Front Cover
Tupelo Press, 2016 - America - 512 pages
Poetry. Latino/Latina Studies. Translated by Mariela Griffor. Pablo Neruda's epic poem CANTO GENERAL is a prodigious work that scrolls out like the chronicle of a journey through the Americas. In his most audacious and ambitious achievement, Neruda depicts history as a vast, continuous struggle against oppression. Constructed in fifteen parts, and made up of more than fifteen thousand lines, CANTO GENERAL unfolds in successive epochs, celebrating the flora and fauna and geology of Neruda's homeland and recounting episodes in the lives of explorers and conquistadors, emperors and dictators, revolutionaries and everyday laborers. Here is CANTO GENERAL seen afresh, the breathtaking beauty of Neruda's poetry fully revealed in English, with a new translation for the twenty-first century.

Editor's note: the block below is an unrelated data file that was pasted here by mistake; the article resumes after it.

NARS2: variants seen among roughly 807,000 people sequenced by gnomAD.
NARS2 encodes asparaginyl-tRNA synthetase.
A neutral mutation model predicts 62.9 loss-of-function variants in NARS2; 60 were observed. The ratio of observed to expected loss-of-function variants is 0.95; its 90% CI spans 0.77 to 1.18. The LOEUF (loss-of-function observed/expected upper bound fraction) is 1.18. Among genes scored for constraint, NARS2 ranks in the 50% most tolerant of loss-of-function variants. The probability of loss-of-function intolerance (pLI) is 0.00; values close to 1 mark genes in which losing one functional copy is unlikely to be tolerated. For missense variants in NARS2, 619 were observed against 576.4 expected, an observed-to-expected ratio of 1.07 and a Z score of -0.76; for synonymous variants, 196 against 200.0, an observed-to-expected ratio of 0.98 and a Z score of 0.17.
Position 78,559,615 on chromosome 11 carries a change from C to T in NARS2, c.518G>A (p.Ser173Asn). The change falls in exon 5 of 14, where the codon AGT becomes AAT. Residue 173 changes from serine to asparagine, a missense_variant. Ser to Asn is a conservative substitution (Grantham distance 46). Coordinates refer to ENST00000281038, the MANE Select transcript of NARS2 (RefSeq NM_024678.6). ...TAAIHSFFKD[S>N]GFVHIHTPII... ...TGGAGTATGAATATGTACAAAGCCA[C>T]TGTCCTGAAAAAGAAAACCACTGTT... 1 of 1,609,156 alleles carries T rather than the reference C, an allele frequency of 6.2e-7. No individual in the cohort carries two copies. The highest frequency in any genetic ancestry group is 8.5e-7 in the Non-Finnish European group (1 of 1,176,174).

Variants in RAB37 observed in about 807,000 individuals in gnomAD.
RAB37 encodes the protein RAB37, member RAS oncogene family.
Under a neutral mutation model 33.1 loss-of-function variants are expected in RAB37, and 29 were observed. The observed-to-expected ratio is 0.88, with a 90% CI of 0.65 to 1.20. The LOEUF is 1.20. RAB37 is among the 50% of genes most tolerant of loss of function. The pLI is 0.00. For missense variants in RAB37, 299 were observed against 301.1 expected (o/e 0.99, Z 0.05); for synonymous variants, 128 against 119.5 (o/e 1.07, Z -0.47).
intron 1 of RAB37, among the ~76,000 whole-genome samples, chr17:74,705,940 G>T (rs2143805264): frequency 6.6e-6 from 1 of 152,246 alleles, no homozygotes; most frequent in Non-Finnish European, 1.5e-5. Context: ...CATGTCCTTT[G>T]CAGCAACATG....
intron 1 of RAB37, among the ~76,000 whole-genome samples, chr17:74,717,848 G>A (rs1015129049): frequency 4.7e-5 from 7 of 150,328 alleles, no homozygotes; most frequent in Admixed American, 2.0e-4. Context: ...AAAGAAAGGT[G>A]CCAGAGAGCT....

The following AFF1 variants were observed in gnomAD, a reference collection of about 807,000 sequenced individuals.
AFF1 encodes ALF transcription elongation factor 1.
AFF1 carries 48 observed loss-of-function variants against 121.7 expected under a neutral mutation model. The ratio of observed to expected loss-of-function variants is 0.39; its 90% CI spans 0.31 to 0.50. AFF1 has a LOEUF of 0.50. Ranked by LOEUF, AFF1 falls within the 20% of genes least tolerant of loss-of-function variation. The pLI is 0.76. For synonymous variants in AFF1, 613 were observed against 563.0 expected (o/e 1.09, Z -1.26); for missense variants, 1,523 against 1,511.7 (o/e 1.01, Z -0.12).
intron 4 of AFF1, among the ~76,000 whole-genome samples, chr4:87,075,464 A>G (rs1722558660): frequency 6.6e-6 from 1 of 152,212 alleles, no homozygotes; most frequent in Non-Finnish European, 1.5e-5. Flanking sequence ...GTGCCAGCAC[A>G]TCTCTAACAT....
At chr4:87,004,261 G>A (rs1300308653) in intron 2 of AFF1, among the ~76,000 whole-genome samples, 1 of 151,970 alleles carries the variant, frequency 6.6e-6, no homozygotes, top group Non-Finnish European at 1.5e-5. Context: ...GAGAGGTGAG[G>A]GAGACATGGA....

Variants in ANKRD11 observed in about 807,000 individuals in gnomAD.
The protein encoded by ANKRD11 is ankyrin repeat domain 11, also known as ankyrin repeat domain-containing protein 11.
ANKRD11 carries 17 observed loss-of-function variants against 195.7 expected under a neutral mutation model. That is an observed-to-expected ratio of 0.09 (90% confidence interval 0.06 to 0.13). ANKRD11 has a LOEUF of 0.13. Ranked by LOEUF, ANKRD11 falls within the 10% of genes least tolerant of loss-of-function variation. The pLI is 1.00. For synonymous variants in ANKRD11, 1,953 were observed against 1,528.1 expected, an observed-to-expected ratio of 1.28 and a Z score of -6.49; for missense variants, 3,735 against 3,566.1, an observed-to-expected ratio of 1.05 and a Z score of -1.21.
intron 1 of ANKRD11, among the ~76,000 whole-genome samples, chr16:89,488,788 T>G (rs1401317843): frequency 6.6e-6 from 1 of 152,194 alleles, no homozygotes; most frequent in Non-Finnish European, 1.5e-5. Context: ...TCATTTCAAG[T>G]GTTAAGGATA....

"[Mariela Griffor's] introduction alone offers interesting reading. But in the text itself, the translator also makes Neruda's verses sing for the reader...Consider the beauty of the single line in the same opening section: 'All is silence made of water and wind' (21). Though beautiful in Neruda's Todo es silencio de agua y viento, the alliteration in English makes it even more wonderful...Griffor serves up her reader dozens and dozens of such gorgeous lines, stanzas, and poems 'transcreated' from Neruda and her work is truly worth serious attention from the reader." Don Cellini"

What people are saying - Write a review

Canto general

User Review  - Not Available - Book Verdict

Comprising 15 sections and over 300 separate poems, this epic traces the history of Spanish America from the pre-Colombian innocence to present corruption. Despite the heavy-handed, overt, and ... Read full review

Other editions - View all

About the author (2016)

Pablo Neruda (1904-1973) held diplomatic posts in Asian and European countries. After joining the Communist Party, Neruda was elected to the Chilean Senate but was forced to live in exile in Mexico for several years. Eventually he established a permanent home on Isla Negra. In 1970 he was appointed as Chile's ambassador to France; in 1971 he was awarded the Nobel Prize in Literature.

Bibliographic information